Motor Carrier Transportation Branch awards first four “Trusted Car-            Trucking
rier” designations to Orowheat Best Foods Bakery, BiMart, Fred Meyer,

Back to Index
                                                                            Oregon on the Move

                  Inc. and Total Transfer companies. Designation result of high safety rat-
                  ings and meeting industry standards.
   Highways          Highway developments:
                      l Work begins on $32.2 million proj-
                        ect to widen Sunset Highway east of
                      l Arch Cape Tunnel on U.S. 101 near
                        Manzanita closed four months for
                        reconstruction. Traffic detoured onto
                        Necanicum Highway (Oregon 53)
                      l ODOT opens new four-lane section
                        of North Santiam Highway (Oregon
                        22) between Salem and Stayton
     Events       Events of 1998:
                       l   Partial collapse of Sunset Tunnel on Workers remove rotted support
                           U.S. 26 east of Portland kills bridge    beams in Arch Cape Tunnel
                           inspector Dennis Edwards
                       l   U.S.S. Missouri visits Astoria enroute to final decommissioning
                           berth in Hawaii. Advanced planning by District 1, city, county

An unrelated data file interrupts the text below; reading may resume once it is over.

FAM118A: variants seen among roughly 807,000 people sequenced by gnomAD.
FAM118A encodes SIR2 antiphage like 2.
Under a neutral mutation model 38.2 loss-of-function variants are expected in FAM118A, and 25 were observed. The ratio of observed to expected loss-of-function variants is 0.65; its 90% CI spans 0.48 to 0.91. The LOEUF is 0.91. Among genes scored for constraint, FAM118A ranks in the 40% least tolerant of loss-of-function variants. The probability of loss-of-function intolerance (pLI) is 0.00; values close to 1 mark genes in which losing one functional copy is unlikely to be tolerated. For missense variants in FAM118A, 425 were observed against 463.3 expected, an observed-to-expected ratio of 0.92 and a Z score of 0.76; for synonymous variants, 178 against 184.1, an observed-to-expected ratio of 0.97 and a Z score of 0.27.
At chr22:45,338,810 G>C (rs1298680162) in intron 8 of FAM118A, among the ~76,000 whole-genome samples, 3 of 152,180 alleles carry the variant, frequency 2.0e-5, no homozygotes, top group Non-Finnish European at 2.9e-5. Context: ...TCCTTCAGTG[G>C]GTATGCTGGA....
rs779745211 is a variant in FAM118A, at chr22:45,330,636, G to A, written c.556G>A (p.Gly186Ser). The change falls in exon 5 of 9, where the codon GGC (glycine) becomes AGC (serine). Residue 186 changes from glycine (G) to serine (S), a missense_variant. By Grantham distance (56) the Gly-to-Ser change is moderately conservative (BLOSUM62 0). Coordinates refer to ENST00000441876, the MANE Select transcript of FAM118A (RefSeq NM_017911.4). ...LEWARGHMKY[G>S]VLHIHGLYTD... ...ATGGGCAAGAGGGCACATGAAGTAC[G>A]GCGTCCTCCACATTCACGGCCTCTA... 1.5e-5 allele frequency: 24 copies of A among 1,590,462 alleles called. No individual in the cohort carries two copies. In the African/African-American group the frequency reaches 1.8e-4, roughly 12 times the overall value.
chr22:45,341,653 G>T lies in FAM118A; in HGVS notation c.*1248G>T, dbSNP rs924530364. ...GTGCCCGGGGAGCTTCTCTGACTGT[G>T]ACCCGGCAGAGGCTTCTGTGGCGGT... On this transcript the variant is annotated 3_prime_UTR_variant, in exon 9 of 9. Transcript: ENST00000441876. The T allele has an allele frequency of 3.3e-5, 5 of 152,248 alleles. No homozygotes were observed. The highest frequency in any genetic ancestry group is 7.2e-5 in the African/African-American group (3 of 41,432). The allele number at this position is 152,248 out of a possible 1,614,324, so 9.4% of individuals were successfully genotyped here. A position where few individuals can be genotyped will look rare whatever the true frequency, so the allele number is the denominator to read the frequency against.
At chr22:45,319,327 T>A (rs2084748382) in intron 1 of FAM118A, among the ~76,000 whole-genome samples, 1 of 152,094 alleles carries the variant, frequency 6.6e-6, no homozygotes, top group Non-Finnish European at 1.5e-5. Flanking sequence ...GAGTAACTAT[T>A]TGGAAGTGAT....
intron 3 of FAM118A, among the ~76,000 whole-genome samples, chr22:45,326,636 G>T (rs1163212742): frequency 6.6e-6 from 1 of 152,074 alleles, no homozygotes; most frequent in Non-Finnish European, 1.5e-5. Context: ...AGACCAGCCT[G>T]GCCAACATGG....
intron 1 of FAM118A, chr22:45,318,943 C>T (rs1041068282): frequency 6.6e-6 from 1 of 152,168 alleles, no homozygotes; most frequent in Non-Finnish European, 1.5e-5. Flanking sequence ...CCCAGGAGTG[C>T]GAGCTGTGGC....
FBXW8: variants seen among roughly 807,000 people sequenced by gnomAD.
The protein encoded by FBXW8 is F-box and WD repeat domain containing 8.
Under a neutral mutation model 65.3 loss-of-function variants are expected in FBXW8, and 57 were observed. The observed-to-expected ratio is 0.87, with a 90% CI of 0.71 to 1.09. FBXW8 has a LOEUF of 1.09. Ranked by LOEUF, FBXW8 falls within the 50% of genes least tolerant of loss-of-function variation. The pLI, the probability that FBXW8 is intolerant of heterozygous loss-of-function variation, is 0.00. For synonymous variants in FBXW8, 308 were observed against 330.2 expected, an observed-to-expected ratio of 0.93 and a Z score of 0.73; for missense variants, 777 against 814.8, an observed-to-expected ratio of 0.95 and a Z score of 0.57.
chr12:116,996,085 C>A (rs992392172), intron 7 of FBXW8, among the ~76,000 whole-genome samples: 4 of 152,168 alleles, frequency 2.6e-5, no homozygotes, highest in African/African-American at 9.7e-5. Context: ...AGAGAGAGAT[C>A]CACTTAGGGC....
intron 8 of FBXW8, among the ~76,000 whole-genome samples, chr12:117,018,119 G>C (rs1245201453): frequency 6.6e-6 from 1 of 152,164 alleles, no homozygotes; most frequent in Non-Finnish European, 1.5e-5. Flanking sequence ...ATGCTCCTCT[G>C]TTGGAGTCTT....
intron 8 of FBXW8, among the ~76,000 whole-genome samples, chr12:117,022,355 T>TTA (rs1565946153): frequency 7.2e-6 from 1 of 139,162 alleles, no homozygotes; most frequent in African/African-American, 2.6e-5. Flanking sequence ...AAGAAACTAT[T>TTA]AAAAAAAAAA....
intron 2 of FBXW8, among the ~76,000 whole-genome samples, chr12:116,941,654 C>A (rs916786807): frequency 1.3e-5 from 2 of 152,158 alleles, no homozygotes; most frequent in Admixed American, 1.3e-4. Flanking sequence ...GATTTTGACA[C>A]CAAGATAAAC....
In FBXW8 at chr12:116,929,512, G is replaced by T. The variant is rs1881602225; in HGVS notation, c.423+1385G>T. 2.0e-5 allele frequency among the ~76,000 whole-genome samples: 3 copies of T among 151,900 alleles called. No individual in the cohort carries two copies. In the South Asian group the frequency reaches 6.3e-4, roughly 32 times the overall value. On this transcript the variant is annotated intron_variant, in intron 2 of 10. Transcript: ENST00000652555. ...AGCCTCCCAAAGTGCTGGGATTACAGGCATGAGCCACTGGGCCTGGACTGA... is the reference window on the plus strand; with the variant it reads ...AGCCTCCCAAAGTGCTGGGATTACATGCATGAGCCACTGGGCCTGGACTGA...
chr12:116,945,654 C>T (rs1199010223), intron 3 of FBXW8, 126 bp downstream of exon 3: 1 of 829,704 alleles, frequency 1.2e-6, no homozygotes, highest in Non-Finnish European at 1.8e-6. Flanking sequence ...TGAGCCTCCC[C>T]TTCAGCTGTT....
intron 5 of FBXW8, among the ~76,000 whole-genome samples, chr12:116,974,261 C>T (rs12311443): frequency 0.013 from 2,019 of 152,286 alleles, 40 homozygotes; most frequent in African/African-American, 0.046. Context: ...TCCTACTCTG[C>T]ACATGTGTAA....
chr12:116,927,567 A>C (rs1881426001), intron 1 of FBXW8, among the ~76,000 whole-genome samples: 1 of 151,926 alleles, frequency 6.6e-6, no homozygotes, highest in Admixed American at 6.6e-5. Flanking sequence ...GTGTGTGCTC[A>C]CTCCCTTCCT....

and law enforcement officials keep traffic flowing as thousands
                           of sightseers crowd U.S. 30 and U.S. 101
     ODOT            ODOT developments:
                       l   Director issues revised Workplace Harassment Policy
                       l   Project Leader Academy established to create common under-
                           standing of how department develops and delivers projects
                       l   Safe Haven program created to give employees a safe place to ask
                           questions about ethical decision making and to report possible
                           violations of ODOT ethics standards
 Public Transit                                                  Westside MAX system begins
                                                               operation in Portland
    Bridges                                                      Brush Creek Bridge project
                                                               in Southern Oregon completed.